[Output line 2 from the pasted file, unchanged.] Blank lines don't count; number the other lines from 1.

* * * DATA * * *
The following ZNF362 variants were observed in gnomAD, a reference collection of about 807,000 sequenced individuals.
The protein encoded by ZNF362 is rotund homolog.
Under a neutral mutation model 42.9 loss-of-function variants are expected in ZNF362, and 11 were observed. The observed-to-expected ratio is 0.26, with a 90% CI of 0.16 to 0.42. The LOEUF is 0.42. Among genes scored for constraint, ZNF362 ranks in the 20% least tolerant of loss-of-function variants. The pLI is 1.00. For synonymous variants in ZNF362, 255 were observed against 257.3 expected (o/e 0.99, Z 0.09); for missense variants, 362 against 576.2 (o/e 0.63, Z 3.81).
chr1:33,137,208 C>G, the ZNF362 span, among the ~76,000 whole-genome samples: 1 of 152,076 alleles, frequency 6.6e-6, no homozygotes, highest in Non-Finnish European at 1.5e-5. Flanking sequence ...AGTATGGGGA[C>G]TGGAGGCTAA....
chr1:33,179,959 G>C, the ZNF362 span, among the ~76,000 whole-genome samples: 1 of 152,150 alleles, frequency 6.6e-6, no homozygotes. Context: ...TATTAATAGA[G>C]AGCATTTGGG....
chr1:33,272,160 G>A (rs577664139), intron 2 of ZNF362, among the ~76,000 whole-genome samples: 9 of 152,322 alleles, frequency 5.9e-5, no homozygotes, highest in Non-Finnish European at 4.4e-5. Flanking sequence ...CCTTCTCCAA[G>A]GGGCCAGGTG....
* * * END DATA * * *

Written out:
The protein encoded by ZNF362 is rotund homolog.